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Superzoom camera group: Real world comparison (cont)

Social flash snapshots:

Below you'll find the final set of our 'real world' comparison shots taken with each of the cameras in the group. Click on the thumbnail to see the full image.

One of the most common uses for compact cameras is for social 'snaps' of friends and family, and in anything but the brightest light this means using flash. This test allowed us to not only check each camera's flash performance, but also to find out how well they cope with focusing and face detection in more challenging conditions (like a dimly lit bar).

In the resultant shots we're looking first and foremost for accurate focus and exposure and pleasing color balance (flash can produce very cool / bluish results - not ideal for flattering skin tones). We're also looking at how well the red-eye reduction works (some cameras use a simple 'preflash' system, others actually find and remove red-eye once the picture has been taken, and some even do both). Red-eye reduction is useful but less critical than overall color/focus/exposure as it's easy to remove in post processing (and many printing labs do it for you automatically).

  • All taken from the same position at very similar zoom settings (subject distance approx. 5 feet)
  • Auto or Intelligent Auto mode
  • Face detection AF activated (where available)
Canon SX210 IS
ISO 400
Casio Exilim EX-FH100
ISO 400
Fujifilm Finepix F80EXR
ISO 400
Fujifilm Finepix JZ500
ISO 1600
Kodak EasyShare Z950
ISO 200
Nikon Coolpix S8000
ISO 250
Olympus Stylus Mju 9010
ISO 200
Panasonic Lumix DMC-ZS5/7
ISO 320
Ricoh CX3
ISO 1600
Samsung HZ35W
ISO 200
Sony Cybershot DSC-H55
ISO 400
Sony Cybershot DSC-HX5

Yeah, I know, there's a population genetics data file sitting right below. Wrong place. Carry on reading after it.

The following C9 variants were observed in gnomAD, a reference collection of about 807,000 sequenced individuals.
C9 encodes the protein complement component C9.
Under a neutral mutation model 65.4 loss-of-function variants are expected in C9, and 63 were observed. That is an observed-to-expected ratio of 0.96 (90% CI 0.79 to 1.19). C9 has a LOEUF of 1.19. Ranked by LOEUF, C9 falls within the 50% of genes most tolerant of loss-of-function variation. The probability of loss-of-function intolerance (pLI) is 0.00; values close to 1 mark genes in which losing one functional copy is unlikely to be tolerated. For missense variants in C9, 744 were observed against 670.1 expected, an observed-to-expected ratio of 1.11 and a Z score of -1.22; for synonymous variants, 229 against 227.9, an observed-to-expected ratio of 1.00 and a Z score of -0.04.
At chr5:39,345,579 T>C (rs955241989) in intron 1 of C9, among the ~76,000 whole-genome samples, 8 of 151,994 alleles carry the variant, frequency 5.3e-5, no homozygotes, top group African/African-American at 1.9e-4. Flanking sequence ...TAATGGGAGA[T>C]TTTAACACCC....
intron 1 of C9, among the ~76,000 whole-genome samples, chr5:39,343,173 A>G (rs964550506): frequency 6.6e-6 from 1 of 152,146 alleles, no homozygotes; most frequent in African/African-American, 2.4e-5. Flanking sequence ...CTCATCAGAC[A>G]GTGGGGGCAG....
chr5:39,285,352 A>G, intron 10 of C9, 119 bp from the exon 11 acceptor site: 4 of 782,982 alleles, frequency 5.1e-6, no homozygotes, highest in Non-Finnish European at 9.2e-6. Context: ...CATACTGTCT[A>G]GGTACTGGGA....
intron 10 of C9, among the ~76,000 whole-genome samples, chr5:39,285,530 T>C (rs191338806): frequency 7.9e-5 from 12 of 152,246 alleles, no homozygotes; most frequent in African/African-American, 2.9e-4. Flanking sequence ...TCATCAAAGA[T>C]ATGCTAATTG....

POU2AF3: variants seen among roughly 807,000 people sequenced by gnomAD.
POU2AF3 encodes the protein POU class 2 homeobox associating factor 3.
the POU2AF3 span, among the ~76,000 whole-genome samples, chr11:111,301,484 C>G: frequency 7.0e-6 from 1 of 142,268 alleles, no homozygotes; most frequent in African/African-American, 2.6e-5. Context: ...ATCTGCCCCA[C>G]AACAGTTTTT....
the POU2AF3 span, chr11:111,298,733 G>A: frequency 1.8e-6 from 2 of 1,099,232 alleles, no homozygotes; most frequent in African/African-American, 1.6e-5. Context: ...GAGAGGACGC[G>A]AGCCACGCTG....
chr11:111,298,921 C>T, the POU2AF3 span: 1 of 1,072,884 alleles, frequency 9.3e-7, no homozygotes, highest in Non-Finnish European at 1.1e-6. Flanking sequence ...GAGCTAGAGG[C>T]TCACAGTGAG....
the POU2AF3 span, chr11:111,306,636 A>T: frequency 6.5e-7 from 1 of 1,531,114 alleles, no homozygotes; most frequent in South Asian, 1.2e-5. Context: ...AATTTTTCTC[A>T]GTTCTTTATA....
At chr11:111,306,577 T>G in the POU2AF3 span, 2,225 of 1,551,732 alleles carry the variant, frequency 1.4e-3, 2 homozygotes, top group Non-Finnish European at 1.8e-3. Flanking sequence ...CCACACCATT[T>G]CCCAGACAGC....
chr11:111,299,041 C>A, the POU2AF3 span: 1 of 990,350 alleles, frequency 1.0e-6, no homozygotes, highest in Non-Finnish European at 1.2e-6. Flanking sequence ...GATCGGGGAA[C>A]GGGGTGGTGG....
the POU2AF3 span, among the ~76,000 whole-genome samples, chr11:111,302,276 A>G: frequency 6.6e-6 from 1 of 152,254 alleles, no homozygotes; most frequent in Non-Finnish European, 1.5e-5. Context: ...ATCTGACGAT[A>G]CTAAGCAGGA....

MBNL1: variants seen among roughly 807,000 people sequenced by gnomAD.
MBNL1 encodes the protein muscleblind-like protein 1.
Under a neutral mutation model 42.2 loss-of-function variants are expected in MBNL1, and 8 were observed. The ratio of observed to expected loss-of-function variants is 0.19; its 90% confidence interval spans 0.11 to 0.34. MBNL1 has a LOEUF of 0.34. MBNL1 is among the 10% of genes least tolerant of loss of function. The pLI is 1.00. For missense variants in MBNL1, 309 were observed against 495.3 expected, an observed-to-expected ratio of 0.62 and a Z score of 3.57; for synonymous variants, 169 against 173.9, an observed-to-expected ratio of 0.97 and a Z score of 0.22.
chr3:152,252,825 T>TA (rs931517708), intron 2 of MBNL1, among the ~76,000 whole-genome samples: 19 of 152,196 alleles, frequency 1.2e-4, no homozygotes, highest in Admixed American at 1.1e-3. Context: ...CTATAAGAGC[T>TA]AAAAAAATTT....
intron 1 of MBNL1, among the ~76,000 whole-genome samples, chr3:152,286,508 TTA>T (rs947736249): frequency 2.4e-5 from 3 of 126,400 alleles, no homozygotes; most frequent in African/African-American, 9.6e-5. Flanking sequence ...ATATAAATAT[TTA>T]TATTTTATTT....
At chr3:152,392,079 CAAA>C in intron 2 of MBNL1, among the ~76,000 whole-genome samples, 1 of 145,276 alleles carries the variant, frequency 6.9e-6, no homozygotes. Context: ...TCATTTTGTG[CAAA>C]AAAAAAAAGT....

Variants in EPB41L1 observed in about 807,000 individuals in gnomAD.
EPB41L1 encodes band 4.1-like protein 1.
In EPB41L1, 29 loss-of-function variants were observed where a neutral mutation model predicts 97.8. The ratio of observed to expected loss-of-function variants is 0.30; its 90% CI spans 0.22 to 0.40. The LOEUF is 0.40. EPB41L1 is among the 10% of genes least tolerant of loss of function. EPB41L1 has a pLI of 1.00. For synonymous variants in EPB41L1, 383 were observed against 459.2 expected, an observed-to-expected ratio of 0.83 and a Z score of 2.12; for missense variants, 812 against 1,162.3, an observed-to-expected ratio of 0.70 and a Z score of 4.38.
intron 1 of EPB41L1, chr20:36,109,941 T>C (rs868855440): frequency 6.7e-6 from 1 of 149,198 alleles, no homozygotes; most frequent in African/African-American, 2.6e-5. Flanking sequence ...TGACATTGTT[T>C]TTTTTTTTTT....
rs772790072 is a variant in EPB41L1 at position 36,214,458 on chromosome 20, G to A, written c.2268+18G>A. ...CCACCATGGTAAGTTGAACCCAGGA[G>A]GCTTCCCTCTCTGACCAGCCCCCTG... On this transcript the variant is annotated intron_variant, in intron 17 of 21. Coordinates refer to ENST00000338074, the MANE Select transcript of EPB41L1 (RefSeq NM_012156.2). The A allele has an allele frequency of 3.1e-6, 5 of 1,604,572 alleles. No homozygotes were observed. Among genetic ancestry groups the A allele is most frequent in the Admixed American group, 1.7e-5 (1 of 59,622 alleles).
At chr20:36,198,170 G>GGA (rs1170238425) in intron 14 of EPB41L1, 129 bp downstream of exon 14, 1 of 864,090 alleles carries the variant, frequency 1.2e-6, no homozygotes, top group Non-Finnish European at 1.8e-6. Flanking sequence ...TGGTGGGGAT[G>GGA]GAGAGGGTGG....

ISO 400

One of the interesting things about this test is how many of the cameras in this group give more or less the same results. Almost all of these cameras are capable of excellent exposure, and pleasant color. Those that aren't, like the Fujifilm pair, have clearly been fooled into underexposure by the tungsten backlighting. The Olympus has given good results, but absolutely refused to focus on this scene - eventually one of the subjects held up a cellphone to provide a point of bright contrast, and we locked focus from that.

Focusing issues were very much a factor in this test, and the only camera that had no problems with focusing was the Canon SX210.The Canon actually coped best overall in this tricky environment, and immediately increased the gain on its LCD screen to provide a useable preview image. It also detected both faces, and delivered an excellent exposure, with a good balance between flash and backlighting.

Remember that these images are shot in full auto mode, so the camera has complete control, including over ISO. All of the cameras here have increased the ISO sensitivity above their base, but not generally by much. Only two cameras have risked setting an ISO higher than 400 - the Ricoh CX3 and Fujifilm JZ500. The Ricoh gives a good, well-balanced exposure with a decent level of detail (albeit rather noisy in low-contrast areas) but the Fuji fails spectacularly. The JZ500 is one of only two cameras here without an AF assist lamp, too (alongside the Olympus) which is a huge handicap in this sort of environment, and can lead (as it did in this case) to a lot of frustration and out of focus images.

The best results in this test come from the Sony HX5, the Samsung, and the Nikon and Olympus, both of which show the benefit of their extra pixels. The Ricoh gives a well-balanced exposure, but the high ISO setting and the associated noise reduction takes the edge off detail resolution, and the color balance is a little too yellow for our taste. Redeye isn't a problem in any of these images, which is good to see (or rather not see).

Flash shot 100% crops:

Canon SX210 IS
ISO 400
Casio Exilim EX-FH100
ISO 400
Fujifilm Finepix F80EXR
ISO 400
Fujifilm Finepix JZ500
ISO 1600
Kodak EasyShare Z950
ISO 200
Nikon Coolpix S8000
ISO 250
Olympus Stylus Mju 9010
ISO 200
Panasonic Lumix DMC-ZS5/7
ISO 320
Ricoh CX3
ISO 1600
Samsung HZ35W
ISO 200
Sony Cybershot DSC-H55
ISO 400
Sony Cybershot DSC-HX5
ISO 400

At 100%, none of these cameras are disappointingly bad (apart from the JZ500, but that's a different issue) and all are capable of resolving a decent amount of detail - certainly enough for a small or medium sized print. The image from the Ricoh is the noisiest, but it's not drastic. The haziest output comes - again - from the Canon SX210IS, which despite producing a good, well-balanced exposure, just can't deliver the sort of detail at a pixel level of many of the other cameras. Again though, this isn't an issue at normal print sizes or when images are resized for viewing on a computer screen.

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